The Wes Anderson Collection (and a signing tonight!)

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I have followed Matt Zoller Seitz’s writings “ever since the dark days before Pearl Harbor” when he was one of the principal film critics for the New York Press. Today he does the same for New York magazine and Vulture.com, and is Editor-in-Chief of RogerEbert.com, entrusted with that task after the recent passing of the site’s titular founder. He’s also written for The New York Times, Salon.com, etc.

He also happens to have been the first person ever to review a Wes Anderson movie. Seitz was scribbling for the Dallas Observer in 1994 when he reviewed Anderson’s first, 12 minute black and white version of Bottle Rocket at a local film festival. In the intervening time he maintained periodic contact with Anderson and his frequent collaborators the Wilson Brothers, Texans all. He knows their entire oeuvre inside and out, and he knows more than a little about the behind-the-scenes. He was thus uniquely situated to create The Wes Anderson Collection, a unique book published by Abrams a couple of months ago. The book is simultaneously a long form, in depth one-on-one interview with a film-maker in the manner of Hitchcock/ Truffaut or Hawks on Hawks…and a big coffee table style art book full of production stills and related images from the director’s seven features, cleverly formatted in the same highly presentational style of many of Anderson’s films.

We are huge Wes Anderson fans around our house, the Duchess particularly. The Royal Tenenbaums is one of her favorite films, which she expounds upon here, but I have seen and love all of his films too. His extreme formalism and love of artifice appeal to me, not per se but because he has an eye for Beauty, and Beauty pursued as a Platonic Ideal converges with Truth. His movies share this quality with the art of many of the great silent directors, and with the few who’ve held on to that fundamental, like Hitchcock, Kubrick and Welles. If he didn’t have an eye and an ear, we might resent the artificiality, but he does, so we don’t.

And while he clearly has a brain (and I think this is the key) he doesn’t let it get in the way of his gut.This is my main takeaway from Seitz’s relentless, extensive interview. Much like the great directors I mentioned, despite Seitz’s heroic efforts to pin him down to certain intentions and prevailing themes, Anderson remains for the most part stubbornly unwilling or unable to concede that anything motivates his artistic vision beyond inspiration or instinct. He applies himself mightily and methodically to the delivery of the aesthetic product, but that’s in the service of the germ of what came first, which just amounts to a gut feeling. In Darjeeling Limited, for example he essentially says knew he wanted to make a movie about brothers, with a train in it, and set in India, and it all just kind of came together. Seitz’s (quite necessary) journalistic efforts to psychoanalyze are generally resisted or questioned, though sometimes Anderson will open the door a crack and allow that there might be some validity to his speculations. But overall, his most frequent response to such probing is “Hmmmmmmm….” which rather hilariously reminds me of Hitchcock when Truffaut presses him about certain revealing aspects of, say, Vertigo or Marnie. (Rear Window emerges as one of Anderson’s favorite films, by the way. Does that surprise you?)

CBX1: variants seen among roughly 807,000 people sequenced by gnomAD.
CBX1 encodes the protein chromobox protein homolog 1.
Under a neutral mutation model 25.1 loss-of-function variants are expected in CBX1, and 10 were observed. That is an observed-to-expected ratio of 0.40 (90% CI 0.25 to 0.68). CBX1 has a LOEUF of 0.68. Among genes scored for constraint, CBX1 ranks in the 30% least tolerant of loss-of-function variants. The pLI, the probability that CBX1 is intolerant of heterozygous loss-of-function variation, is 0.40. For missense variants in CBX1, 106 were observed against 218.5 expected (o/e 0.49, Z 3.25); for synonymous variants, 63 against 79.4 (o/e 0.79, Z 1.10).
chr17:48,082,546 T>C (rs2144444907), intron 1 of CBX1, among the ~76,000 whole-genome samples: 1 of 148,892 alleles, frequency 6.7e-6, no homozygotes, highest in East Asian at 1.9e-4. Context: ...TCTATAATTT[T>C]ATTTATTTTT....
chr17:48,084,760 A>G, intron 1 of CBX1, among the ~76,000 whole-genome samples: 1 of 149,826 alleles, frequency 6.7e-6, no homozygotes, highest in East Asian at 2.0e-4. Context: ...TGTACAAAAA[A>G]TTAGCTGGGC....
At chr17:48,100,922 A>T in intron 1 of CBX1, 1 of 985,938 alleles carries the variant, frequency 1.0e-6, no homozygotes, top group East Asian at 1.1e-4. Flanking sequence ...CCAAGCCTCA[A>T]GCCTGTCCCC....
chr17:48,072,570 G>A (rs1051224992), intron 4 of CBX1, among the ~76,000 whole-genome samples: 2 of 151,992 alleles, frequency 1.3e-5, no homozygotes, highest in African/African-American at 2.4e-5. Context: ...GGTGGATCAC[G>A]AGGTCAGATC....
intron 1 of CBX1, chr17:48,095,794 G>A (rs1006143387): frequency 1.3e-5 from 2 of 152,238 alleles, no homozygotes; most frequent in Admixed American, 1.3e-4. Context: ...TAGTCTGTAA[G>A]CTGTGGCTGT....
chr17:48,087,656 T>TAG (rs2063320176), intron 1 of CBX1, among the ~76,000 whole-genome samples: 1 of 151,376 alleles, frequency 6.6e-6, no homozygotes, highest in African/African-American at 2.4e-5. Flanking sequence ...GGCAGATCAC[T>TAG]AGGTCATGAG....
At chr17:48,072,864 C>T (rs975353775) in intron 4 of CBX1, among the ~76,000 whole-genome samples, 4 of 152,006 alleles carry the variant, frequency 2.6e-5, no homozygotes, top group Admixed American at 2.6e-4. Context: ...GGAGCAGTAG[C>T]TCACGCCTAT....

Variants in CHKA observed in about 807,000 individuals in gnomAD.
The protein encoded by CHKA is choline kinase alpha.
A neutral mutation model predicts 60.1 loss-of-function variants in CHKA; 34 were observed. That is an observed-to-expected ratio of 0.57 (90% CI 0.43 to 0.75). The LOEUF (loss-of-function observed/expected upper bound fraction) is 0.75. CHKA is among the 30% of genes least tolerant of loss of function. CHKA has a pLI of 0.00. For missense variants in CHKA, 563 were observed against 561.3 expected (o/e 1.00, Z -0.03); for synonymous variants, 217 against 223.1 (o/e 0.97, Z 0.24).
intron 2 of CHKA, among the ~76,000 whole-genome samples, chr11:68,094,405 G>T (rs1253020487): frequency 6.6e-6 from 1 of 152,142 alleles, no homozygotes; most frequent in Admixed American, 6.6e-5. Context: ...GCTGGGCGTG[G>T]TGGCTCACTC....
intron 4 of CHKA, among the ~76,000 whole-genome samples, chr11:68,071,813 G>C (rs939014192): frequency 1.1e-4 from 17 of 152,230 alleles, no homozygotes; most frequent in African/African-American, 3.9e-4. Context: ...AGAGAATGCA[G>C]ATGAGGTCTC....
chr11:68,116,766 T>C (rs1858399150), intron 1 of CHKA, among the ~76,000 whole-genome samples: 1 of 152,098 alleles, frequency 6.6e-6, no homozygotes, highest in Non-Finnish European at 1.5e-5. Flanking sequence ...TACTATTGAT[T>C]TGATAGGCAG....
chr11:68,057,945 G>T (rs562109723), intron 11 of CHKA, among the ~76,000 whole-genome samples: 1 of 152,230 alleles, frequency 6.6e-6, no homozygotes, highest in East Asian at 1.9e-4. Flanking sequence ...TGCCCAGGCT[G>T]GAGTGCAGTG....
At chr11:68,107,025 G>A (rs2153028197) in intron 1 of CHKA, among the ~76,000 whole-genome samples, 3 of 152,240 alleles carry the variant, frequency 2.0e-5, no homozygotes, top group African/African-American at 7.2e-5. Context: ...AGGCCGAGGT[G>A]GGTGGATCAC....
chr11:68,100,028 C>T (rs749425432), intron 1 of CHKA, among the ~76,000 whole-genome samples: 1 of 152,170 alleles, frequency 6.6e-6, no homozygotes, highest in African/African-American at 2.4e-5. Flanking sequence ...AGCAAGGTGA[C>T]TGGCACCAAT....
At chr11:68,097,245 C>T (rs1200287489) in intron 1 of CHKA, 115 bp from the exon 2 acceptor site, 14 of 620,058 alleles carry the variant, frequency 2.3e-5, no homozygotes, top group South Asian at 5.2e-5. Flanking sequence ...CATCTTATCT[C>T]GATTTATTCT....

Anderson’s command of cinema history, the depth and breadth of his working knowledge of the masterpieces of film, turns out to be encyclopedic. He also knows more than most people about related arts like theatre and photography. This makes Seitz’s conversation with him far-ranging and endlessly fascinating as it twists and turns through his life and career from his childhood through his body of work. In addition to the many directors we’ve mentioned above, he also mentions Satyajit Ray as a particular influence. But the book also gets us into the mechanics of the film-making process: how Bottle Rocket was expanded from a low-budget short into a feature; how the A list star Bill Murray worked in Rushmore for scale; the scheduling challenges of pulling all the stars together for Royal Tenenbaums, Anderson’s love for stop-motion animation which fully flowered in The Fantastic Mr. Fox, his preference for film over video (he used super 16mm for Moonrise Kingdom, which is one reason why it looks so much like a home movie from the 60s or 70s), his love for maps and models, etc etc.

You want your own copy now, don’t you? Or perhaps want to give one as a Holiday gift? Well, you can get one tonight, signed by the author. He’s doing an event tonight at Book Court in Brooklyn at 7pm. Directions and all the details are here: http://bookcourt.com/events/wes-anderson-collection

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